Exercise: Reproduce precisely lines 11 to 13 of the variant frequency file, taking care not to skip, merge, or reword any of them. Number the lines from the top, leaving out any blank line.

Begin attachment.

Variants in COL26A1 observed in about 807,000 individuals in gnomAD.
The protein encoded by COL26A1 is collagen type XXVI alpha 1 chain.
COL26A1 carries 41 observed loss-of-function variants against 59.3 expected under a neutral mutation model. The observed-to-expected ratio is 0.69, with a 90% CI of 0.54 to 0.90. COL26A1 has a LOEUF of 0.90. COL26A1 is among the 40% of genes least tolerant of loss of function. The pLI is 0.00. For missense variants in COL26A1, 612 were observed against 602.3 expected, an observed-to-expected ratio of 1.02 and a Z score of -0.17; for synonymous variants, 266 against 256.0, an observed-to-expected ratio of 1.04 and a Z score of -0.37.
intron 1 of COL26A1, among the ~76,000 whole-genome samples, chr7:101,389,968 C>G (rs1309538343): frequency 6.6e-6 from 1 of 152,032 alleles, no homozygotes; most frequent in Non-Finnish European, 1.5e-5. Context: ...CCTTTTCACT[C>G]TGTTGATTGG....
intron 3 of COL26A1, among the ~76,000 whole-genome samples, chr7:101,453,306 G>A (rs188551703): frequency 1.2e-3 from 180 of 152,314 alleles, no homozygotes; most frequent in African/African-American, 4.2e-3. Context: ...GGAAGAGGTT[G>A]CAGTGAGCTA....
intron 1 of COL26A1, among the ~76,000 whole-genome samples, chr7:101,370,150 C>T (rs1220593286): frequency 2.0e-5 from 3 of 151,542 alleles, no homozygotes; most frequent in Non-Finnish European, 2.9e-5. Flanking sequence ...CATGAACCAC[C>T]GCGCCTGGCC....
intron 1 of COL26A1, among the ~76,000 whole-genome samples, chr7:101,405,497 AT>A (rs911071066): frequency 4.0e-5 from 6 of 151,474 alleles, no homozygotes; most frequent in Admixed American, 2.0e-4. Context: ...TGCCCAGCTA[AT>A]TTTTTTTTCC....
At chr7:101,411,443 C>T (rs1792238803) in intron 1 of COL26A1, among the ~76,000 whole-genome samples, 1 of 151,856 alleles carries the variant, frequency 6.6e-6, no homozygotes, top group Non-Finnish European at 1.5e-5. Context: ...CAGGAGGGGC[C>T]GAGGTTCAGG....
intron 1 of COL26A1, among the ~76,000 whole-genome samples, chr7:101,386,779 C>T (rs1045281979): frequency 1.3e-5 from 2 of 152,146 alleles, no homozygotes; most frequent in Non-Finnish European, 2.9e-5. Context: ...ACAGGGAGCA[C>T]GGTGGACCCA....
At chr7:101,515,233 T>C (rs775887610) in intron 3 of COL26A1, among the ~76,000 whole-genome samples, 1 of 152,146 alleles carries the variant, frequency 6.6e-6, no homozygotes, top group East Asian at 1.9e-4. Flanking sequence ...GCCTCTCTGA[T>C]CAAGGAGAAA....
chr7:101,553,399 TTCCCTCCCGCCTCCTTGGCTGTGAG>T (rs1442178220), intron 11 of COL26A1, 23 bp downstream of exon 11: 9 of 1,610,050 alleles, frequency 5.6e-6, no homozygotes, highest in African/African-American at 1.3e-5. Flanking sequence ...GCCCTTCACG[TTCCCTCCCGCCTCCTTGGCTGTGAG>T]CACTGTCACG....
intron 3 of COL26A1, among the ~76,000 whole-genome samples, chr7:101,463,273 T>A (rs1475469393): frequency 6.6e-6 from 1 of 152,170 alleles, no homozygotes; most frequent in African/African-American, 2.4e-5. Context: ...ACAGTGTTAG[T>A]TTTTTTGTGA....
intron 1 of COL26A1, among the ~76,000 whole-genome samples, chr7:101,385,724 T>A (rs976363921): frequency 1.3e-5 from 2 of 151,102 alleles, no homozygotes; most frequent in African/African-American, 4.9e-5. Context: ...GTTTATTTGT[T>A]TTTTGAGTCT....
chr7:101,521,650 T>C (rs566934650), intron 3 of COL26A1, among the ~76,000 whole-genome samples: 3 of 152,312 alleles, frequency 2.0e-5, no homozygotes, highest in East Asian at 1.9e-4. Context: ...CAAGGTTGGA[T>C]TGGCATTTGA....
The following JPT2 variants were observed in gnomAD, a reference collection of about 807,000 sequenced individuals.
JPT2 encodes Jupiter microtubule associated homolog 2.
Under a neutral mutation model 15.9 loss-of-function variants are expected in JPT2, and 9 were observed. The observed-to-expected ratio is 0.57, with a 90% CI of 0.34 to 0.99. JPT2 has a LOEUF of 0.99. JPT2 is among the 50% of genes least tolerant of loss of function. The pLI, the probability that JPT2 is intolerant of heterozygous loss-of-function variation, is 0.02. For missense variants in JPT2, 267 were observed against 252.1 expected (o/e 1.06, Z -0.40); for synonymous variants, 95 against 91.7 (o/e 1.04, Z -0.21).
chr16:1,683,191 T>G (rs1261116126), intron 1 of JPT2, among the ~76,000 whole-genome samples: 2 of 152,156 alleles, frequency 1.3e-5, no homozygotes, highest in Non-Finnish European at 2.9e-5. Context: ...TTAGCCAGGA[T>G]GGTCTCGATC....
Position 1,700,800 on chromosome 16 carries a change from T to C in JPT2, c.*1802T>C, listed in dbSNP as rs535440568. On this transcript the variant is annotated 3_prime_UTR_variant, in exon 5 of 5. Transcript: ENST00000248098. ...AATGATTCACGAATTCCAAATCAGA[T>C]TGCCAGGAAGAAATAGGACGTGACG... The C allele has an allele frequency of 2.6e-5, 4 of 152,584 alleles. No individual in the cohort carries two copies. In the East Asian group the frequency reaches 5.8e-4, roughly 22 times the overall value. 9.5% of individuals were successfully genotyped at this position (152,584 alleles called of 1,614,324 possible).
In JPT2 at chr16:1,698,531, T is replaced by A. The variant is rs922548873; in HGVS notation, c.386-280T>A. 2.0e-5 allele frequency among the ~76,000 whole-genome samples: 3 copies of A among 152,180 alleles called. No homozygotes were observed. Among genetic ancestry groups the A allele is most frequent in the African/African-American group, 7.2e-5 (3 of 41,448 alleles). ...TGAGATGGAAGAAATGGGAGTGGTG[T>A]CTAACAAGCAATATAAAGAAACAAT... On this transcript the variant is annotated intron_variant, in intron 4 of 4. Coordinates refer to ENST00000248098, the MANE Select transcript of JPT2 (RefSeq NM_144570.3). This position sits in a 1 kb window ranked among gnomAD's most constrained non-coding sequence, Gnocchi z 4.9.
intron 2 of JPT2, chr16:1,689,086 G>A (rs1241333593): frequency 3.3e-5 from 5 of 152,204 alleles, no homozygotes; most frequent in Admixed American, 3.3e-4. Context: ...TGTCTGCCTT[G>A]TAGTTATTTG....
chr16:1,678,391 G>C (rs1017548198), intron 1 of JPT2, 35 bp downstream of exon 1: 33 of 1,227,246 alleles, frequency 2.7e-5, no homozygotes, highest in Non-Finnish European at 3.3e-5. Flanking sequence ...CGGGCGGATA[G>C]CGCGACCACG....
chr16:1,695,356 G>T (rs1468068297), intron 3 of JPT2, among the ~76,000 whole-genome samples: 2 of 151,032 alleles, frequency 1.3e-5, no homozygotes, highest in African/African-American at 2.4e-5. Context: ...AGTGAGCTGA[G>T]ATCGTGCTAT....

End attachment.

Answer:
chr7:101,553,399 TTCCCTCCCGCCTCCTTGGCTGTGAG>T (rs1442178220), intron 11 of COL26A1, 23 bp downstream of exon 11: 9 of 1,610,050 alleles, frequency 5.6e-6, no homozygotes, highest in African/African-American at 1.3e-5. Flanking sequence ...GCCCTTCACG[TTCCCTCCCGCCTCCTTGGCTGTGAG>T]CACTGTCACG....
intron 3 of COL26A1, among the ~76,000 whole-genome samples, chr7:101,463,273 T>A (rs1475469393): frequency 6.6e-6 from 1 of 152,170 alleles, no homozygotes; most frequent in African/African-American, 2.4e-5. Context: ...ACAGTGTTAG[T>A]TTTTTTGTGA....
intron 1 of COL26A1, among the ~76,000 whole-genome samples, chr7:101,385,724 T>A (rs976363921): frequency 1.3e-5 from 2 of 151,102 alleles, no homozygotes; most frequent in African/African-American, 4.9e-5. Context: ...GTTTATTTGT[T>A]TTTTGAGTCT....